Vivian Malone Jones is on the panel that discusses Integrating the University of Alabama [WGBH Forum].

Civil Rights Act of 1964 prohibits discrimination in public accommodations and in employment.

Fannie Lou Hamer appears before the credentials committee of the 1964 Democratic National Convention. She relates the difficulties that she faced in registering to vote in Mississippi.
Listen to Hamer's Testimony Before the Credentials Committee, Democratic National Convention, part of Say It Plain: A Century of Great African American Speeches from American Radio Works.
The Civil Rights in Mississippi Digital Archive includes an audio enhanced transcript of an oral history interview with Hamer. Kay Mills, author of This Little Light of Mine: The Life of Fannie Lou Hamer, discusses Hamer's life with Brian Lamb in a Booknotes Interview.

Free Speech Movement at Berkeley
The Online Archive of California includes hundreds of images that document the free speech movement. Many of these photos include images of women (e.g., Joan Baez, Bettina Aptheker).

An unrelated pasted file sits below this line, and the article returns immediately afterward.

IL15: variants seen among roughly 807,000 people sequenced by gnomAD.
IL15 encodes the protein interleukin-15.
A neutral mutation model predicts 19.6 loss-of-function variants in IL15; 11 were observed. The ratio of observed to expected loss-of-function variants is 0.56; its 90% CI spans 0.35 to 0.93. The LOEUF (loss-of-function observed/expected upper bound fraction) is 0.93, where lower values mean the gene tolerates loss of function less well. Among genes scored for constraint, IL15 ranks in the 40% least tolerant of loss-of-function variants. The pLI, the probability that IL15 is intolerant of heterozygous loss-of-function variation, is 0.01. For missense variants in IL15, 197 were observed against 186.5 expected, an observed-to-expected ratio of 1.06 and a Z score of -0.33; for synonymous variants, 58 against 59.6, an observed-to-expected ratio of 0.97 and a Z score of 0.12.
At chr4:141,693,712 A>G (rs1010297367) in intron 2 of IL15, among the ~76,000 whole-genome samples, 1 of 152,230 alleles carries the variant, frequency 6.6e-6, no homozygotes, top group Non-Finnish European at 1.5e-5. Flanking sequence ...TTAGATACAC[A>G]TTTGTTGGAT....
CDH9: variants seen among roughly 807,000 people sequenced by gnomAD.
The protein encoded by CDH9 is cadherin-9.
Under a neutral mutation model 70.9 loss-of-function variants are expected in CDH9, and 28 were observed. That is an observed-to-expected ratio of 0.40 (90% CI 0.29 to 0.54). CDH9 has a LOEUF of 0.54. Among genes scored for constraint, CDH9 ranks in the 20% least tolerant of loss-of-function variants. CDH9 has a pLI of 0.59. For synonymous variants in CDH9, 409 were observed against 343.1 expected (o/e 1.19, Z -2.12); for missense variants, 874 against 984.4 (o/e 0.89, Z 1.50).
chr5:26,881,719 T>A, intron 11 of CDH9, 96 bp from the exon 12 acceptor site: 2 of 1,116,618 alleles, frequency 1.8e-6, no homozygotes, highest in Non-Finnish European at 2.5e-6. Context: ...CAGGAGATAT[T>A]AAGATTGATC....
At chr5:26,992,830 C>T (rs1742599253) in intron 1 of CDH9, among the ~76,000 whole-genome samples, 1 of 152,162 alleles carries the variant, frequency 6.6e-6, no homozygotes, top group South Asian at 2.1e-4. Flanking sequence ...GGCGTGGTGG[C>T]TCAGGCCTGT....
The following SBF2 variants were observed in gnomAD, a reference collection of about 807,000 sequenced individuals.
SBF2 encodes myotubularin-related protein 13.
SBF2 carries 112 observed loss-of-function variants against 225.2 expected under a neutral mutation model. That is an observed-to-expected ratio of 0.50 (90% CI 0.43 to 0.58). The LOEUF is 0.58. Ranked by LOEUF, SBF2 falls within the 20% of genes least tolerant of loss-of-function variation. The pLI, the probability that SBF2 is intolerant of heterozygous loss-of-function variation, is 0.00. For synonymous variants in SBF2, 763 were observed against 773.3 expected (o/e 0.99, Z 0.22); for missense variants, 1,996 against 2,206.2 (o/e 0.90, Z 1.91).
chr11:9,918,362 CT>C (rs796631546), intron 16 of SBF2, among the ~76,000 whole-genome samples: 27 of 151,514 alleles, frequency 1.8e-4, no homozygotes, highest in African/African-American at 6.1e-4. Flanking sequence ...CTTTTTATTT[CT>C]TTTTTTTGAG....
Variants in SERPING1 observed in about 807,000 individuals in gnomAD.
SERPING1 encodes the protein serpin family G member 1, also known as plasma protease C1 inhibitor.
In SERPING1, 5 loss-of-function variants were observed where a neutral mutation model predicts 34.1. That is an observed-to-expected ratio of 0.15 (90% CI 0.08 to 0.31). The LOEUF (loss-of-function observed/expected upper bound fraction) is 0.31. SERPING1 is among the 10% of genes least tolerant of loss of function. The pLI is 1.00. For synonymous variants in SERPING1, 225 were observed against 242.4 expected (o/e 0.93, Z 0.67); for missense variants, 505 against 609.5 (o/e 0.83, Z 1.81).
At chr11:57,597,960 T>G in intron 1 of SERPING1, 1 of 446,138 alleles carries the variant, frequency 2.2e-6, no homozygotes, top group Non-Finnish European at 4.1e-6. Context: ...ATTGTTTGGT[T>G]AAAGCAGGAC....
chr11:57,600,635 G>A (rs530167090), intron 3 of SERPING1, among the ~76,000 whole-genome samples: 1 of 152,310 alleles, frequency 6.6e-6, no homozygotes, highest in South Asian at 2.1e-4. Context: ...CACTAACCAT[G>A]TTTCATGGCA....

Aptheker recalls the period in an interview (Bancroft Library) from 2001.

Freedom Summer
Blewen, John. Oh Freedom Over Me [online]. Saint Paul, MN: Minnesota Public Radio, 2000 [cited 18 June 2002]. Available from: Listen to this engaging program about Freedom Summer. Topics include activist strategies, freedom songs, and Fannie Lou Hamer. The site also includes transcripts of selected interviews and a slideshow of photographs.

See Wednesdays in Mississippi: Civil Rights as Women's Work

In Griswold v. Connecticut, the U.S. Supreme Court rules that Connecticut's ban on the distribution of contraceptive devices or information is a violation of married couples' right to privacy.
Listen to oral arguments from OYEZ.

Photojournalist Dickey Chapelle is killed while covering the Vietnam War.
See Vietnam War Photographs by Dickey Chapelle [Wisconsin Historical Society].

Selma-to-Montgomery march for civil rights.
Activists Mark 40th Anniversary of Selma March [National Public Radio; 8 min., 19 sec.] includes an interview with march organizer and participant Ameila Boynton.

A Visual Journey: Photographs by Lisa Law 1965-1971

Voting Rights Act
America's Historical Documents: The Voting Rights Act

Black Women at Virginia Tech Oral History Project [online]. Blacksburg: Virginia Tech University Libraries, updated 1 September 1999 [cited 15 November 2000]. Available from: